Scripture: Now when they drew near to Jerusalem and came to Bethphage, to the Mount of Olives, then Jesus sent two disciples, saying to them, “Go into the village in front of you, and immediately you will find a donkey tied, and a colt with her. Untie them and bring them to me. If anyone says anything to you, you shall say, ‘The Lord needs them,’ and he will send them at once.” This took place to fulfill what was spoken by the prophet, saying, “Say to the daughter of Zion, ‘Behold, your king is coming to you, humble, and mounted on a donkey, on a colt, the foal of a beast of burden.'”
The disciples went and did as Jesus had directed them. They brought the donkey and the colt and put on them their cloaks, and he sat on them. Most of the crowd spread their cloaks on the road, and others cut branches from the trees and spread them on the road. And the crowds that went before him and that followed him were shouting, “Hosanna to the Son of David! Blessed is he who comes in the name of the Lord! Hosanna in the highest!” And when he entered Jerusalem, the whole city was stirred up, saying, “Who is this?” And the crowds said, “This is the prophet Jesus, from Nazareth of Galilee.” Matthew 21:1-11 ESV
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Observation: Recapping yesterday’s Daily Focus (click here to read), Jesus and the Twelve leave Jericho to make their way to Jerusalem after resolving the disciples’ awkward infighting. As they depart the old town, two blind men cry aloud to Jesus for mercy, addressing him as the Son of David. Jesus stops and asks them what they would like him to do for them. As expected, they ask him to grant them sight. Feeling pity toward them, Jesus touches their eyes, and they recover their vision and follow him.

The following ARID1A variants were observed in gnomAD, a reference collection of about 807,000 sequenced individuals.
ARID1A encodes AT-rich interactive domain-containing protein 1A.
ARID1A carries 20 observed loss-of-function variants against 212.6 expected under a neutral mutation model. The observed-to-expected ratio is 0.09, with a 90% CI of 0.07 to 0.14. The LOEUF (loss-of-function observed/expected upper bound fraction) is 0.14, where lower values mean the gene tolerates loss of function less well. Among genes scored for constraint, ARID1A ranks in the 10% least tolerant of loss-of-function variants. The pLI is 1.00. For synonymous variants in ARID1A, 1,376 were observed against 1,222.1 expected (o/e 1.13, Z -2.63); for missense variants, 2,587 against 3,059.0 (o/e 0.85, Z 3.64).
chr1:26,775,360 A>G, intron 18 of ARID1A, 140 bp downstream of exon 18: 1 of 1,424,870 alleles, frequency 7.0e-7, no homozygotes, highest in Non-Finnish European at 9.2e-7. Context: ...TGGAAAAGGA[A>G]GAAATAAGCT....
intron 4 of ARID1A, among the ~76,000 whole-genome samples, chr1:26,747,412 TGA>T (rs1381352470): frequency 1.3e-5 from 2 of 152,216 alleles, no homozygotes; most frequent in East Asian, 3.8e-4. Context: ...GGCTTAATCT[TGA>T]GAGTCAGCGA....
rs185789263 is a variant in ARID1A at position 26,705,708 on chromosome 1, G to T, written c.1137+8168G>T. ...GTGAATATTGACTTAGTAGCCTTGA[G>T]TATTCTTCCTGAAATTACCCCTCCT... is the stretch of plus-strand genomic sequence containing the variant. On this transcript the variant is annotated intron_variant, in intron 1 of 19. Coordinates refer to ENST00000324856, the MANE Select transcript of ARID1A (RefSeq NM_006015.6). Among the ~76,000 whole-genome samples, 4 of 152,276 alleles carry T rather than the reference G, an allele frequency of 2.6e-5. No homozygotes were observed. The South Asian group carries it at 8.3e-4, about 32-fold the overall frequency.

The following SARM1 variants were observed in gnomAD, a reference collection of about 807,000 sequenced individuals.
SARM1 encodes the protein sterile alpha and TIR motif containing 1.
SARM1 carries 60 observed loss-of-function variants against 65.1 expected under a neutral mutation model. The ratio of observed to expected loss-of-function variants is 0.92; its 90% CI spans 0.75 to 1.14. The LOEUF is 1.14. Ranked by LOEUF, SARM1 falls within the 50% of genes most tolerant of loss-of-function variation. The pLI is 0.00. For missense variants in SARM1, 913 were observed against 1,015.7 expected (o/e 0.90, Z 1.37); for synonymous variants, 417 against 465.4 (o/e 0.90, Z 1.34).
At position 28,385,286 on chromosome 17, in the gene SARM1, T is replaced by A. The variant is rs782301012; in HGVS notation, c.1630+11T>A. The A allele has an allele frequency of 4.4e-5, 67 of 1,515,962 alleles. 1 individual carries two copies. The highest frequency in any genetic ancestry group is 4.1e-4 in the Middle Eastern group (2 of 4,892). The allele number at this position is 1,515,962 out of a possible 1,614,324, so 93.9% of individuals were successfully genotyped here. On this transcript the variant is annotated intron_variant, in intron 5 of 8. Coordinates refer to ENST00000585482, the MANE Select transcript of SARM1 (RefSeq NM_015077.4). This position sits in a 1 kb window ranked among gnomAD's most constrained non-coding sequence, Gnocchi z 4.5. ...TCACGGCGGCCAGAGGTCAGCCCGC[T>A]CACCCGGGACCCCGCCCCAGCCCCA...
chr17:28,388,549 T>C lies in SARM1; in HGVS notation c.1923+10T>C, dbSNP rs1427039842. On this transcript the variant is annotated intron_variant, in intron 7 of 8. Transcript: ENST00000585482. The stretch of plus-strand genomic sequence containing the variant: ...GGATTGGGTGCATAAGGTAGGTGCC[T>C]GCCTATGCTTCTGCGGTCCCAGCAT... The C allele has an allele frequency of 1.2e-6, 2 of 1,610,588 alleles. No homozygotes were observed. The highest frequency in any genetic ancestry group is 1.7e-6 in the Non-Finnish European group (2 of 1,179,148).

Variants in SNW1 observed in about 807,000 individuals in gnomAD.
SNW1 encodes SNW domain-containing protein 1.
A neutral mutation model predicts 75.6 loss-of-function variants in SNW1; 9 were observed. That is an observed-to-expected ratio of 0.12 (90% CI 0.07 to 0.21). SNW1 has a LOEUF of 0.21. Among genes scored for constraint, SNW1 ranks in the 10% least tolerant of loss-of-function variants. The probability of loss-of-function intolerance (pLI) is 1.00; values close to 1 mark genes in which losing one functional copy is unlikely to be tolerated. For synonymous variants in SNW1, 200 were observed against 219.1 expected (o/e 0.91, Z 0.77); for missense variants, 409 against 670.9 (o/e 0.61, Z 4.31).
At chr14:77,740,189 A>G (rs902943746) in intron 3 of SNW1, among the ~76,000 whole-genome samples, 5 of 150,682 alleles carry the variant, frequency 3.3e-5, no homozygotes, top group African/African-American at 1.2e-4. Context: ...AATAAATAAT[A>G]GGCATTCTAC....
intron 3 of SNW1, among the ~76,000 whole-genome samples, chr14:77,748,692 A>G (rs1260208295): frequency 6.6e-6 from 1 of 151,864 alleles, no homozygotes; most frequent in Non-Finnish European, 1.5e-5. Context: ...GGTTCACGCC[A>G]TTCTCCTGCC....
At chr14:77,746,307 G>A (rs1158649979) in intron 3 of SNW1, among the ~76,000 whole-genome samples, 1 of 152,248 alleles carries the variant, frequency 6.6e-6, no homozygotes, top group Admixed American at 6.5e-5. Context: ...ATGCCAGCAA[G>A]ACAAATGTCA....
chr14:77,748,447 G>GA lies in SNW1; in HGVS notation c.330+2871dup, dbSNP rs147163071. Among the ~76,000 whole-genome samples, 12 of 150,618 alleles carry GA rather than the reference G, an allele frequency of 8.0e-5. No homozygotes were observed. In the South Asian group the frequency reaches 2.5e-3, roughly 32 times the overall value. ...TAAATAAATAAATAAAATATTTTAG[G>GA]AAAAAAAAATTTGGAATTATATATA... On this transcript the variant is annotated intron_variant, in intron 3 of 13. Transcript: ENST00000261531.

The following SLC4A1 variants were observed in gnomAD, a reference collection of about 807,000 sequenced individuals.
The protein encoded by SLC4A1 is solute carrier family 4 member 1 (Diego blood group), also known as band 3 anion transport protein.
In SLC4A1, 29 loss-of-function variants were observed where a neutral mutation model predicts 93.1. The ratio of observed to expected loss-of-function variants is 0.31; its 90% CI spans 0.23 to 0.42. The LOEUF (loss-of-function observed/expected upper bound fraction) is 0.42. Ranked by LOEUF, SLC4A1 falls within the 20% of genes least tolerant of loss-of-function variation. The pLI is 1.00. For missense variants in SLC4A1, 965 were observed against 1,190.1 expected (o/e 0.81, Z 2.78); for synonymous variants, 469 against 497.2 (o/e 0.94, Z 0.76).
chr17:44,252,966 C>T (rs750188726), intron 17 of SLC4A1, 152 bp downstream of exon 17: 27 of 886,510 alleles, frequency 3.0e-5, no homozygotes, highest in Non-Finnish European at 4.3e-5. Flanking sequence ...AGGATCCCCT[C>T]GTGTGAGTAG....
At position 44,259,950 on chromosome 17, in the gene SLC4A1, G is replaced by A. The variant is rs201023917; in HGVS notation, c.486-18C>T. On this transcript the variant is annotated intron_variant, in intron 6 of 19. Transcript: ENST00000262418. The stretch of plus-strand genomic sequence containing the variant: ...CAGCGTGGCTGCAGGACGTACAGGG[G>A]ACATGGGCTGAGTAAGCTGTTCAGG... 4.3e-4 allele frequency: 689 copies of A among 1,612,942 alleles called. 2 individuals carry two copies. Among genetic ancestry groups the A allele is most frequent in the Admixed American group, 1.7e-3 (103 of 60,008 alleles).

In today’s reading, Matthew records Jesus’ final and triumphal entry into Jerusalem, where the mercurial crowds (who will soon turn against him and demand his crucifixion) shout out praises and, like the two blind men, acknowledge him as the Son of David. Before his procession, Jesus sends two of his disciples to obtain a donkey and its colt for Jesus to ride as he enters the City of David. Matthew (who throughout his narrative focuses on how Jesus fulfills the messianic prophecies) tells us that Jesus orchestrated his entry on a colt to fulfill Zechariah’s prophecy (Zechariah 9:9-13, click here to read).